Sometimes “classic” just means dated.
Kansas City Actors Theatre enjoys a deserved reputation as a company that introduces heady new plays to local theatergoers. They also revisit classics, often with breathtaking results.
KCAT short-changes itself by opening its 12th season with a creaky play that was a Broadway hit in 1985 but feels stale. Herb Gardner’s I’m Not Rappaport ran for three years in its initial New York production and snagged a Tony Award for Best Play.
But that was then. By current standards, this two-act play about two garrulous old men who meet daily in Central Park is an unconvincing construct. Any hints of meaning get overwhelmed by a never-ending stream of one-liners, gags and — in the second act — preposterous antics.
But director Dennis D. Hennessy is a master of comic timing and he assembled a superior cast. Let the record show that many audience members in attendance Friday night responded to the director’s button-pushing with uninhibited laughter.
The spine of the story is the relationship between Nat, a Jewish one-time radical who sincerely believed in the ideals of Communism, and Midge, an African-American building superintendent losing his eyesight. Theirs is a cantankerous friendship that allows them to bond amid constant bickering. These roles are written for actors who love to ham it up, and Victor Raider-Wexler as Nat and Granvile O’Neal as Midge are happy to oblige.
Raider-Wexler is one of the city’s finest character actors and his performance, as you might expect, is a showcase of nuanced timing. Nat is given to flights of fancy and entertains himself by sharing his autobiography, the details of which can change on a dime. His problem? His adult daughter thinks it’s time for him to live a supervised life at a home for senior citizens. Midge has a different challenge: The apartment building where he works is transitioning to a co-op and the board of directors has no further use for his services. O’Neal, a veteran performer on local stages, projects the right mix of anger and anxiety and holds his own quite nicely with Raider-Wexler.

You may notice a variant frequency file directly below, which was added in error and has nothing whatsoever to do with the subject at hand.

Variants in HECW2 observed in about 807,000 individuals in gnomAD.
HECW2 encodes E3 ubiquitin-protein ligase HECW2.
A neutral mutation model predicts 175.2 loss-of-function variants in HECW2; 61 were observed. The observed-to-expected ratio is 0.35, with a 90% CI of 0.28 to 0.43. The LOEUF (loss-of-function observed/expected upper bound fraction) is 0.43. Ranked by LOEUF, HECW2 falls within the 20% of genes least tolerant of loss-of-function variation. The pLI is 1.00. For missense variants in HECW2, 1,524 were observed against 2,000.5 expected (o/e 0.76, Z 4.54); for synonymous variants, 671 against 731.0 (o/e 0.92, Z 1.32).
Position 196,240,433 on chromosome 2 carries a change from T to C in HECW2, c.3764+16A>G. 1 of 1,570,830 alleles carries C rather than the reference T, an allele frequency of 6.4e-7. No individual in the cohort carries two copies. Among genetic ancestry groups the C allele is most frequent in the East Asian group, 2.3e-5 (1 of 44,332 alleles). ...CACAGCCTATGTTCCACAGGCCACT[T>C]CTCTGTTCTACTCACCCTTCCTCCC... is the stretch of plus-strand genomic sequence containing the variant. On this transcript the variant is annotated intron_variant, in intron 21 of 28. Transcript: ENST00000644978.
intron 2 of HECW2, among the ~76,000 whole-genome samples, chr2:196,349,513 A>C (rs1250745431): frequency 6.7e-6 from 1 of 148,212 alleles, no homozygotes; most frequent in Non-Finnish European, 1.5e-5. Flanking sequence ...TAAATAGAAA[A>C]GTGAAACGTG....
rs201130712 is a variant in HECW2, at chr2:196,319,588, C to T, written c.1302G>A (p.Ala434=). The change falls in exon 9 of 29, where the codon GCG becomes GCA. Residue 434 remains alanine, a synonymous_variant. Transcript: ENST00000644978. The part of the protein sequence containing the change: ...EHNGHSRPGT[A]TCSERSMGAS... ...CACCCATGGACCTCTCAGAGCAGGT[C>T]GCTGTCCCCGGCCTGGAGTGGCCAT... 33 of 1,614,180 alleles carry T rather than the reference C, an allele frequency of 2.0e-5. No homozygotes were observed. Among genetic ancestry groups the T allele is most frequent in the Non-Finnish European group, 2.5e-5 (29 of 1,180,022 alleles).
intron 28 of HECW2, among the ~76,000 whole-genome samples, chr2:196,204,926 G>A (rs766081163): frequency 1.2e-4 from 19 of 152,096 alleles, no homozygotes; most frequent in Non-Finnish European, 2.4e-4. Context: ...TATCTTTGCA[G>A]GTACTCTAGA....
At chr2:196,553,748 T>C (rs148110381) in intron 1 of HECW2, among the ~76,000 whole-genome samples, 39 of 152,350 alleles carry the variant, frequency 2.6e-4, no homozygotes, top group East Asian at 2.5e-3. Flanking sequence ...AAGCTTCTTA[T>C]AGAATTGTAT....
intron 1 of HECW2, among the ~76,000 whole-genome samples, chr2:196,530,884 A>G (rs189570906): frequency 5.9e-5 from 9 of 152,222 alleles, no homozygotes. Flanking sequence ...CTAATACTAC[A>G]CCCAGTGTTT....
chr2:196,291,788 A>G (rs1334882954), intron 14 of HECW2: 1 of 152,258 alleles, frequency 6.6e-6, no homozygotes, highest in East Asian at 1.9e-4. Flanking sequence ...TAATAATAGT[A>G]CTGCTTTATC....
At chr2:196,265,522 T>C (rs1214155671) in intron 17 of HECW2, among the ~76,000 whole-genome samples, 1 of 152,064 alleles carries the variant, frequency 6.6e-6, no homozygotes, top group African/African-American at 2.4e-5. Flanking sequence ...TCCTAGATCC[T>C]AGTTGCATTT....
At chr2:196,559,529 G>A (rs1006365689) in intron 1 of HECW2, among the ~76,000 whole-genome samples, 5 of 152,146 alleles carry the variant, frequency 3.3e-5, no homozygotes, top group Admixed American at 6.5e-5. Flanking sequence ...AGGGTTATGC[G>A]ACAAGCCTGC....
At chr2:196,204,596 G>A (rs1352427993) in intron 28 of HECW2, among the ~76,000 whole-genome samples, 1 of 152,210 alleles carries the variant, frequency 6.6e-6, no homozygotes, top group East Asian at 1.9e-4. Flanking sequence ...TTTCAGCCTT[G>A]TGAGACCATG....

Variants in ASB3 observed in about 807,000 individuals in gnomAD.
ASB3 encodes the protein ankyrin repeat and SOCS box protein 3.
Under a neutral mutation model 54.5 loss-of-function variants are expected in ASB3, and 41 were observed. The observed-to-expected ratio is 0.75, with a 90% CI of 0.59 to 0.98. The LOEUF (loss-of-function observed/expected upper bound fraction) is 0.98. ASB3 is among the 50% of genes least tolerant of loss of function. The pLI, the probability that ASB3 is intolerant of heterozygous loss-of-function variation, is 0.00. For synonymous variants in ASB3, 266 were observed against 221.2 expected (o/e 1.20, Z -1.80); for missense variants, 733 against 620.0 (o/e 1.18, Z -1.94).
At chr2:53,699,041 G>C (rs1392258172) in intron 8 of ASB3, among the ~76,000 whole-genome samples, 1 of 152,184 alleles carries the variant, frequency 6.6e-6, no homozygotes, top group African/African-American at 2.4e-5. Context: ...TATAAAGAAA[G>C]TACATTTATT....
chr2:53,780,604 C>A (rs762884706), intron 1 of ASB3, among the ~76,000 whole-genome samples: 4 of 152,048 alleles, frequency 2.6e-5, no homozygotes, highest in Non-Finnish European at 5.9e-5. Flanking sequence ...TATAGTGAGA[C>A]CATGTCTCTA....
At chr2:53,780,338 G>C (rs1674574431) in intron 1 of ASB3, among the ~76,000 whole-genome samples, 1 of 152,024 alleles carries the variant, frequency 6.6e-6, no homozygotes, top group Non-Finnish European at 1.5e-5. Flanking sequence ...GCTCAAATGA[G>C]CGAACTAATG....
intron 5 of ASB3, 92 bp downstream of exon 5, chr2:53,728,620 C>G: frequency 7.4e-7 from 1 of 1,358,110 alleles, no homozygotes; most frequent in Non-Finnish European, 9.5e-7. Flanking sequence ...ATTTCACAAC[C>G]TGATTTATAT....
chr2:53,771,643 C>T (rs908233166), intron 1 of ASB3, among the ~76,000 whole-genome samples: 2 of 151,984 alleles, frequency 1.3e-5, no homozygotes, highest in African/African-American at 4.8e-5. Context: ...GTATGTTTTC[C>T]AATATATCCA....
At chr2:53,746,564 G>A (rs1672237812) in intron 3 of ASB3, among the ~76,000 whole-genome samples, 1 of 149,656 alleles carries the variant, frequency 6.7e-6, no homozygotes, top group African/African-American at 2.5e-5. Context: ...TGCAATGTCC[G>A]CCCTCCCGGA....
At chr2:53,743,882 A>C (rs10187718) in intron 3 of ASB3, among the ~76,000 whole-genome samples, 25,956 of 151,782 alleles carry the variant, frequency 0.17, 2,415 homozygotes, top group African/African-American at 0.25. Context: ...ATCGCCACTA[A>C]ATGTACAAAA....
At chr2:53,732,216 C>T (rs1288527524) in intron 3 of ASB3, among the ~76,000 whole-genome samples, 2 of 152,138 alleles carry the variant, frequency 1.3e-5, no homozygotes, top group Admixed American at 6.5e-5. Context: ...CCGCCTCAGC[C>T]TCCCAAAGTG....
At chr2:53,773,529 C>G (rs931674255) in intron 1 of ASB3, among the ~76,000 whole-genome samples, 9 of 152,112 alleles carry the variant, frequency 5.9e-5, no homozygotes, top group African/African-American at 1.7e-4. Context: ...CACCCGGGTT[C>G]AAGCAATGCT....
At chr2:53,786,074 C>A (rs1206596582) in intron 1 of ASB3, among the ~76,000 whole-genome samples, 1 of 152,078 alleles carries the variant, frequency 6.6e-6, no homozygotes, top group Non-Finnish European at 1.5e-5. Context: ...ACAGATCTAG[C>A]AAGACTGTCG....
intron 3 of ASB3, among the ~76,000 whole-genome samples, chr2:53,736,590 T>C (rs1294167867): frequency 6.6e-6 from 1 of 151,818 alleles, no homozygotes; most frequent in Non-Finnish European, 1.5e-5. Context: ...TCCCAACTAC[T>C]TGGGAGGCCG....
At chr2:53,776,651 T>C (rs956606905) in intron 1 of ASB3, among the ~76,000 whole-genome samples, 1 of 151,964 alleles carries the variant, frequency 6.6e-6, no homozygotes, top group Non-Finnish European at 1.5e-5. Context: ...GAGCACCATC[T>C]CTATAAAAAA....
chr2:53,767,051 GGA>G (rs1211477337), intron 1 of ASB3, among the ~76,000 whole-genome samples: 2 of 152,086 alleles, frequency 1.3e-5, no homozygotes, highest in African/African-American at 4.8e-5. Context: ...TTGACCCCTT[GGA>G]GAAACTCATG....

One is tempted to categorize this play as a dramatic comedy, but there’s no valid drama in sight — just ginned-up melodrama. Gardner’s play does address the plight of the elderly, and comments on old-school left-wing idealism. But Gardner never lets those themes stand in the way of his real mission: Getting laughs.
If Gardner had contented himself to write a long one-act that consisted only of Nat and Midge in conversation, he might have achieved the poignancy he clearly desired. But the clumsy plotting and reliance on thin supporting roles only distract us from the Nat-Midge friendship.
Even so, Mark Robbins delivers a polished performance as Danforth, the building resident assigned to tell Midge he’s out of a job. The luminous Amy Attaway is less a character than a presence as Laurie, a young artist who comes to the park to sketch. Brian Huther makes an sharp impression as Gilley, a young Irish thug who extorts payments from Midge in a small-time protection racket. Logan Black is menacing as Cowboy, a drug-dealer. Cheryl Weaver, who plays Nat’s daughter Clara, delivers the strongest supporting work. In a long scene in Act 2 we get a clear picture of their relationship and how it changed after Clara stopped believing in her father’s political ideals.
Raider-Wexler and O’Neal are fun to watch. But the second act becomes increasingly nonsensical as Nat and Midge decide to intercede on behalf of Laurie, a recovering drug addict who owes Cowboy money. They do so by posing as mafiosi, which is the stuff of bad farce.
Jason Coale’s set, Shane Rowse’s lighting and Sarah M. Oliver’s costumes all serve the production well at the intimate City Stage in Union Station.
Rappaport smells a bit like a commercial calculation. The show could be considered a companion piece to KCAT’s memorable production last year of D.L. Coburn’s The Gin Game, in which Raider-Wexler and Marilyn Lynch played cantankerous residents of a home for the elderly. That production, also directed by Hennessy, was reportedly a huge hit for KCAT. Maybe the company’s leadership thought lightning might strike twice. That’s not necessarily a bad bet, but The Gin Game is by far the superior play.
I’m Not Rappaport runs through Aug. 28 at City Stage in Union Station. Call 816-235-6222 or go to www.kcactors.org.
Above: Granvile O’Neal, left, and Victor Raider-Wexler star in the Kansas City Actors Theatre production of I’m Not Rappaport. Photo by Brian Paulette.